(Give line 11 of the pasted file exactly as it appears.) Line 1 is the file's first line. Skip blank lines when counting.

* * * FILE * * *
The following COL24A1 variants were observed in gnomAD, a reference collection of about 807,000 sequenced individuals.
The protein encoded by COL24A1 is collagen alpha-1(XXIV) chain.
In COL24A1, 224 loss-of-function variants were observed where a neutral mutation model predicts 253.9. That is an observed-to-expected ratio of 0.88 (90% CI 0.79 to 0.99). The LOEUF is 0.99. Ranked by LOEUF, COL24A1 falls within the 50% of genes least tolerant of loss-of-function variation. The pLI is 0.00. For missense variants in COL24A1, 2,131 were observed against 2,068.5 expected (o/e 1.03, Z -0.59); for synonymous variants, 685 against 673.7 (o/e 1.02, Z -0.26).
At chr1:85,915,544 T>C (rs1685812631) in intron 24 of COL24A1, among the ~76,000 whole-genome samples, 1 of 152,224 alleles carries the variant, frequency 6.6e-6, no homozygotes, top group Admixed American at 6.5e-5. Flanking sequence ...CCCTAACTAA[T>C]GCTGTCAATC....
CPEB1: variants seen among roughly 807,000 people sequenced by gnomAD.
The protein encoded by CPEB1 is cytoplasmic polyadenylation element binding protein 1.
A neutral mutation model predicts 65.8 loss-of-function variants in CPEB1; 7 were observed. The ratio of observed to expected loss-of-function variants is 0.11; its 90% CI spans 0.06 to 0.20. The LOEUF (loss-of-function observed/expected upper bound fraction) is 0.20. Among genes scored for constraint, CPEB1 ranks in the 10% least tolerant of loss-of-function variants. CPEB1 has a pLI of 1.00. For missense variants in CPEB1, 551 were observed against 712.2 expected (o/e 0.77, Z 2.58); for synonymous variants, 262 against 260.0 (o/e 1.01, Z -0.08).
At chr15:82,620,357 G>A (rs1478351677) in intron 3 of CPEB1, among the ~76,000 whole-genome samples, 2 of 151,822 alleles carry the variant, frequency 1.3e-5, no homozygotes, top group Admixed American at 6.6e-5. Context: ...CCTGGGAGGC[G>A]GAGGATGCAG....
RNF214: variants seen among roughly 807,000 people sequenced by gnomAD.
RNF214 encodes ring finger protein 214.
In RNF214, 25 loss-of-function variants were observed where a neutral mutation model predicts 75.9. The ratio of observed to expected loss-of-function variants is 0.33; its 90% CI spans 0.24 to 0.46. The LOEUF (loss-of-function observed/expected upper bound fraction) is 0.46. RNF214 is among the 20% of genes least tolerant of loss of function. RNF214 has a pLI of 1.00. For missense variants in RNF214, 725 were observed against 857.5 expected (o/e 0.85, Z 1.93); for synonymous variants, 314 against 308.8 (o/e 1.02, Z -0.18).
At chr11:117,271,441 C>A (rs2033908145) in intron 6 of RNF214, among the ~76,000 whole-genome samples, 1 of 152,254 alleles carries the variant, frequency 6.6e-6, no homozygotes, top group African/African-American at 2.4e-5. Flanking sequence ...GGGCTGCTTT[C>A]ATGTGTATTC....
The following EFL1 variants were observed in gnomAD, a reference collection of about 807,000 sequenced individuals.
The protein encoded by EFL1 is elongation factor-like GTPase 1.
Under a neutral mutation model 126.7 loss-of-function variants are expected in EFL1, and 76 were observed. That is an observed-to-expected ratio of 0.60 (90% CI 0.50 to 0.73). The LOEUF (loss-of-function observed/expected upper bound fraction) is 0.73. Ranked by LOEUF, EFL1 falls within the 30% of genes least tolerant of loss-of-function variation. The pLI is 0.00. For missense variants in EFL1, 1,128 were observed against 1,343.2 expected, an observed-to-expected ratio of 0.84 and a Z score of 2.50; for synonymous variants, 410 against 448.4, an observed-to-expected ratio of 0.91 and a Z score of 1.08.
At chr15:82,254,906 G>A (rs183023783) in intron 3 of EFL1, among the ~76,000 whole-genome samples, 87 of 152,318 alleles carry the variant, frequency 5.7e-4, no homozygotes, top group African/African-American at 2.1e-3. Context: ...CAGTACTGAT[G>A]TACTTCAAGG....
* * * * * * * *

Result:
In RNF214, 25 loss-of-function variants were observed where a neutral mutation model predicts 75.9. The ratio of observed to expected loss-of-function variants is 0.33; its 90% CI spans 0.24 to 0.46. The LOEUF (loss-of-function observed/expected upper bound fraction) is 0.46. RNF214 is among the 20% of genes least tolerant of loss of function. RNF214 has a pLI of 1.00. For missense variants in RNF214, 725 were observed against 857.5 expected (o/e 0.85, Z 1.93); for synonymous variants, 314 against 308.8 (o/e 1.02, Z -0.18).